Physician Helene Gayle ’76, the CEO and president of the Chicago Community Trust, discusses why equity must drive the allocation of the COVID-19 vaccine.
After more than two decades working as a juvenile justice advocate, Lisa Thurau ‘82 understands just how fraught interactions between cops and children can be. She’s seen firsthand how situations can escalate.
According to recent data released by the FBI, nearly half a million kids under the age of 18 were arrested in 2019. And according to the Children’s Defense Fund, kids of color are twice as likely to be arrested as their white peers, statistics that have taken on increased scrutiny as waves of racial justice protests swept the country last summer.
Thurau wants to change all that. Since 2010, Thurau and her organization, Strategies for Youth (SFY), have been working to build bridges between local law enforcement agencies and the kids they serve through training, research, and outreach. When it comes to police reform, the focus, she says, tends to be placed on adults. “But we’re saying not to forget what is happening to young people and how many kids’ lives are derailed. We also want to see the great officers — the ones that are rescuing kids and helping steer them — be in the limelight instead of the shadows.”
Cities, and the dynamics within them, have interested Thurau since childhood, particularly during family outings to New York City from Long Island, where she grew up. “I would feel my heart swell with excitement every time we crossed the Triborough Bridge. I was constantly fascinated by its complexity and by discovering it,” she says.
Thurau’s love of New York continued to thrive at Barnard, where she majored in anthropology. But she also became privy to the city’s complexities, and she credits a senior-year internship with opening her eyes to how the city took care of its most vulnerable. Hired to work with Ellen Wahl ’72 at Interface, a research and advocacy organization, Thurau was sent to conduct field research on the quality of vocational education for New York City youth. “Let’s just say that the quality of services was low, and the quality of life for kids was even lower,” Thurau says. “It was my big awakening and changed the course of my life.”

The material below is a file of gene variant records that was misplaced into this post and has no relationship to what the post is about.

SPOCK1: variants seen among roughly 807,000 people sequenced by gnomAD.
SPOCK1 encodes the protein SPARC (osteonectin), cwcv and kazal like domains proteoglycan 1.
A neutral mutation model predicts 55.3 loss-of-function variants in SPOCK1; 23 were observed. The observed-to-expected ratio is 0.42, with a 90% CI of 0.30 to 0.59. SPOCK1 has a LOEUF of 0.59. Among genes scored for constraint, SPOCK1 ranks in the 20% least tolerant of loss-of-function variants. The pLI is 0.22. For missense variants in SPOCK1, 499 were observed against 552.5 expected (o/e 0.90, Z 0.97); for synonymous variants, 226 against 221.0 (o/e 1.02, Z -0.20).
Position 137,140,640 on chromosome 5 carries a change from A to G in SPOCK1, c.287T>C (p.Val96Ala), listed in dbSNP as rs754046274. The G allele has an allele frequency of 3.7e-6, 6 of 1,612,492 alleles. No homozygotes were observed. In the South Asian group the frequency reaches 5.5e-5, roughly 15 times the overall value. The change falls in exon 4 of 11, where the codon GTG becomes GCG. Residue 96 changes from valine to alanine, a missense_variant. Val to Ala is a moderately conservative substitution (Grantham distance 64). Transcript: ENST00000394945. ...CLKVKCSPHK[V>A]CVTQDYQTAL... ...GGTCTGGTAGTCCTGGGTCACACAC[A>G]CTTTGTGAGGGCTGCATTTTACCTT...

After receiving her J.D. from Cardozo School of Law and working as an attorney in New York, Thurau moved to Cambridge in 1997. As a new mom, she found a part-time role at the Juvenile Justice Center at Suffolk University Law School, working her way up to managing director in 2005. “What I saw shaped my advocacy and policy initiatives, as well as my understanding of how these systems affect the U.S. generally, and kids and their families in particular,” Thurau says.
In the early 2000s, Thurau and the Juvenile Justice Center were tasked with retraining the Massachusetts Bay Transportation Authority (MBTA) transit police. Her work with the MBTA resulted in an 84% decline in juvenile arrests over a five-year period. This laid the groundwork for Thurau to ultimately establish SFY, headquartered in Cambridge, Massachusetts, in 2010. Policing young people requires a unique approach, and through SFY’s workshops, officers learn how to recognize the behaviors of adolescent brains, especially if they have experienced trauma. For young people, SFY aims to empower them rather than holding them at fault. Through engaging materials and games, they are made aware of their rights and resources and taught to recognize how misunderstandings with officers might arise. The organization has adapted its services for parents, too.
Since SFY’s founding, the organization has led training programs at police departments nationwide. According to SFY surveys, officers report increased confidence in their ability to properly interact with youth after these sessions. Some police departments have seen notable decreases in juvenile arrests since engaging SFY. In Charlottesville, Virginia, for instance, police departments saw a 59% reduction in juvenile arrests between 2015 and 2018.
Though such inroads are promising, Thurau believes that reshaping the culture of American law enforcement is no clear-cut task. She hopes that programs like hers, coupled with collective interest — especially from the nation’s youth — will continue to drive change. “That,” she says, “is what’s going to save us.”